Block Reference
Red, Yellow, and Black cover with the text reading "Colonial, Racial, Capitalism." Edited by Susan Koshy, Lisa Marie Cacho, Jodi A. Byrd, and Brian Jordan Jefferson

The contributors to Colonial Racial Capitalism consider anti-Blackness, human commodification, and slave labor alongside the history of Indigenous dispossession and the uneven development of colonized lands across the globe. They demonstrate the co-constitution and entanglement of slavery and colonialism from the conquest of the New World through industrial capitalism to contemporary financial capitalism. Among other topics, the essays explore the historical suturing of Blackness and Black people to debt, the violence of uranium mining on Indigenous lands in Canada and the Belgian Congo, how municipal property assessment and waste management software encodes and produces racial difference, how Puerto Rican police crackdowns on protestors in 2010 and 2011 drew on decades of policing racially and economically marginalized people, and how historic sites in Los Angeles County narrate the Mexican-American War in ways that occlude the war’s imperialist groundings. The volume’s analytic of colonial racial capitalism opens new frameworks for understanding the persistence of violence, precarity, and inequality in modern society.

Contributors. Joanne Barker, Jodi A. Byrd, Lisa Marie Cacho, Michael Dawson, Iyko Day, Ruth Wilson Gilmore, Alyosha Goldstein, Cheryl I. Harris, Kimberly Kay Hoang, Brian Jordan Jefferson, Susan Koshy, Marisol LeBrón, Jodi Melamed, Laura Pulido

PMLA Cover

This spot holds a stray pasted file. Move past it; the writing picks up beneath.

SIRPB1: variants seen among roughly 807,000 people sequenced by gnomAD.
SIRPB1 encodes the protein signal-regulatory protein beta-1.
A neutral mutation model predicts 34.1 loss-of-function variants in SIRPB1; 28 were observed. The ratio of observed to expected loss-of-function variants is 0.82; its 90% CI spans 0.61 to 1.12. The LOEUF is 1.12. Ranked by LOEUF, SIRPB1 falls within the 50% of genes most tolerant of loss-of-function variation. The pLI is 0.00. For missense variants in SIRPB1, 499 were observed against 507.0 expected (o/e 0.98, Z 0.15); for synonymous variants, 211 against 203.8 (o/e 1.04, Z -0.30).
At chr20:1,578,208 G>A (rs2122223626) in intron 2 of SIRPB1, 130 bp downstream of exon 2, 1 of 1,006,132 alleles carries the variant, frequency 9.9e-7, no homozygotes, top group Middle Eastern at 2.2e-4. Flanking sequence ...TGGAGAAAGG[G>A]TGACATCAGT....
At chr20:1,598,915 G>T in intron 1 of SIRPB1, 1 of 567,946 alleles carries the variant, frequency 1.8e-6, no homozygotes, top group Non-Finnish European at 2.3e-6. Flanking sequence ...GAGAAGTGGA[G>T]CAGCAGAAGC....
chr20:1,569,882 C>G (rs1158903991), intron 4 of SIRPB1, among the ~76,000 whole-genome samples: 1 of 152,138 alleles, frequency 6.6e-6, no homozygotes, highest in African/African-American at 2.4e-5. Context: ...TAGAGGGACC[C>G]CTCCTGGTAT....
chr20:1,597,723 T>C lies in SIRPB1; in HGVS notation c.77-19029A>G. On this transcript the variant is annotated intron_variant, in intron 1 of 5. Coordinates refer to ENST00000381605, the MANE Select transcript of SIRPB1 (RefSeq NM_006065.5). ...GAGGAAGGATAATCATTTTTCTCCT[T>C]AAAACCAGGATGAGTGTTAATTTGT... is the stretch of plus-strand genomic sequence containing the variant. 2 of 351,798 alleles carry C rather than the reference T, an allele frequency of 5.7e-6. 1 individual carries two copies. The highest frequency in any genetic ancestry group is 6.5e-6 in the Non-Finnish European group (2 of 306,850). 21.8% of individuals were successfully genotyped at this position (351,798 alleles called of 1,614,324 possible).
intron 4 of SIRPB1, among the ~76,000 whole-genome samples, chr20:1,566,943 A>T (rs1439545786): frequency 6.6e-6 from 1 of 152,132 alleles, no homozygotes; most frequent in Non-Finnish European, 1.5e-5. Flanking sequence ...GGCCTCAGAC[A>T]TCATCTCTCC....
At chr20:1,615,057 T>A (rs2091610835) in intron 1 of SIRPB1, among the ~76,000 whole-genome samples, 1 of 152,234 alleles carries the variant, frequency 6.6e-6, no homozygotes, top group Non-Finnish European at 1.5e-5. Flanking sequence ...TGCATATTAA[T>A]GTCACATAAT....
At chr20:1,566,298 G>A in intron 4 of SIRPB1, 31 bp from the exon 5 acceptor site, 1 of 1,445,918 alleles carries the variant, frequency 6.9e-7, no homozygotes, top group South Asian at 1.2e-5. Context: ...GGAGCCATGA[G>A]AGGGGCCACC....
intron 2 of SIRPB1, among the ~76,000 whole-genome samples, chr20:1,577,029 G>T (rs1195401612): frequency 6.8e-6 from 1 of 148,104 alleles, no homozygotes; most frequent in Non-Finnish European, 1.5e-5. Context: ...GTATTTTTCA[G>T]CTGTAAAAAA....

"What follows brings together scholars, writers, and translators working in fields that are rarely in conversation to see what new insights and frameworks these exchanges might generate. In that spirit of experimentation, it also brings together writers habituated to a variety of genres, both cultural critics and producers—to enrich our explorations of how we count languages and what counts as a language. In every sense, then, this cluster is conceived of as a space to propose new approaches, to pursue unexpected openings, to test hypotheses, and to revise assumptions. Some essays explore hip hop, jargon, and Mesoamerican pictorial writing as monolingual phenomena that challenge how we define language and the range of media we take into account (Calderwood, Chow, Garcia). Several examine the monolingualizing pressures of language policy implemented at the imperial, continental, national, settler-colonial, disciplinary, and familial level, documenting their dispossessive force but also their unforeseen and incalculable consequences (Ben Amor, Choi, Dowling, Fleming, Sorensen, Walkowitz, Watson). A number of essays examine the claims of monolingualism outside European models and histories (Ben Amor, Calderwood, Choi, Dowling, Garcia, Mani). All these essays dwell with acuity and subtlety on the generative and destructive power of monolingualism, asking us to reflect on how our disciplinary expertise and investments, our theories and methodologies, and our pedagogies and institutional practices can better account for the vitality, beauty, and world-building power of the languages that are our inheritance and that will shape our futures. What does our propensity to count languages in whole numbers miss? Rebecca Walkowitz's rousing call to rethink teaching and research in the discipline and more broadly the university through the lens of English as an “additional language” is inspired by a civic hospitality toward “the languages that operate both within and across literary histories” and the conclusion that we simply must “read literatures that begin in languages beyond English.” Her essay, like all the others in this cluster, points the way to other monolingualisms, and to that which is other than monolingualism." - Introduction to Monolingualism and Its Discontents